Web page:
With voters under the age of 35 supporting marriage equality by a majority of more than two to one, and with opposition strongest among the eldest voters, supporters of gay marriage are publicly predicting that same-sex couples will be allowed to marry in every US state within a decade.

The most likely way for that to happen would be for a test case on the issue to reach the US Supreme Court, where a decision will affect every US State, including places such as Mississippi, where roughly 85 per cent of residents remain hostile to gay marriage. One case, involving gay marriage in California, is thought by legal experts to be between two and four years away from such a hearing.

Saying he was looking forward to a quiet ceremony ("nothing fancy; just a couple of witnesses and a justice of the peace") Mr Dorr said he hoped the changing nature of the debate means future couples will have an easier time following their heart.

"The next generation deserves better than we had," he said.

Start your day with The Independent, sign up for daily news emails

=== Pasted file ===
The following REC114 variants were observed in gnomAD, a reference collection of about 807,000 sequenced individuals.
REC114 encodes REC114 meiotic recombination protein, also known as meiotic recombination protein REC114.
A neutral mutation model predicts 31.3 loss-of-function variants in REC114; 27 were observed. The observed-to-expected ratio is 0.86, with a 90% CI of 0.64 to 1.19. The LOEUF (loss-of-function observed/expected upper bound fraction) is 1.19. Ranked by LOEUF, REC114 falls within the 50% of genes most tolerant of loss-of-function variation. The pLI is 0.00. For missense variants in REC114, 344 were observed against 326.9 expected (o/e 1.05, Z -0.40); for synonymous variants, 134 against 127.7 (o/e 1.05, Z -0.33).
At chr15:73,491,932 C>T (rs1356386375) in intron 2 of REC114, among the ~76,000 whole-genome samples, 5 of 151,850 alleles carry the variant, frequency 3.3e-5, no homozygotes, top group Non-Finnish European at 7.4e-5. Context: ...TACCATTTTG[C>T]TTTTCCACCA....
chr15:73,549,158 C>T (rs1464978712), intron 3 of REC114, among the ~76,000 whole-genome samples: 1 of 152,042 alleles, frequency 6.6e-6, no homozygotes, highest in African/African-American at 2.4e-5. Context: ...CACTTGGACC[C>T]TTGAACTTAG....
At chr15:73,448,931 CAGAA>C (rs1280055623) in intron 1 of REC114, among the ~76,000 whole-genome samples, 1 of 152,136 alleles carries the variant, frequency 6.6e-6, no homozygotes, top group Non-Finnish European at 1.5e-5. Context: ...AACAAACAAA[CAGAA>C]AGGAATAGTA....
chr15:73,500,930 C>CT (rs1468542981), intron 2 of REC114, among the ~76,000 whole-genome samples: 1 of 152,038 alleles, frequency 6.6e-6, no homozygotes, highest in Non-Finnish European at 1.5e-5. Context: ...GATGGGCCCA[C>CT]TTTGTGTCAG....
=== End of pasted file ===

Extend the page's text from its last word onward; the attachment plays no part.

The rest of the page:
Sport
England's women celebrate after their 3rd place play-off win against Germany
Women's World CupFara Williams converts penalty to secure victory and bronze medals
Arts and Entertainment
Ricardo by Edward Sutcliffe, 2014
artPortraits of LA cricketers from notorious suburb go on display
News
newsHillary Clinton comments on viral Humans of New York photo of gay teenager
Arts and Entertainment
The gang rape scene in the Royal Opera’s production of Gioachino Rossini’s Guillaume Tell has caused huge controversy
music
Have you tried new the Independent Digital Edition apps?
ebooks
ebooksAn introduction to the ground rules of British democracy
Latest stories from i100
Have you tried new the Independent Digital Edition apps?
Independent Dating
and  

By clicking 'Search' you
are agreeing to our
Terms of Use.

iJobs Job Widget
iJobs General

Recruitment Genius: Sales Administrator - Spanish Speaking

£17000 - £21000 per annum: Recruitment Genius: This is a fantastic opportunity...

Recruitment Genius: Sales Administrator - German Speaking

£17000 - £23000 per annum: Recruitment Genius: This is a fantastic opportunity...

Recruitment Genius: Sales Administrator - Japanese Speaking

£17000 - £23000 per annum: Recruitment Genius: If you are fluent in Japanese a...

Recruitment Genius: Graphic Designer - Immediate Start

£16000 - £25000 per annum: Recruitment Genius: This is a fantastic opportunity...

Day In a Page

The Greek referendum exposes a gaping hole at the heart of the European Union – its distinct lack of any genuine popular legitimacy

Gaping hole at the heart of the European Union

Treatment of Greece has shown up a lack of genuine legitimacy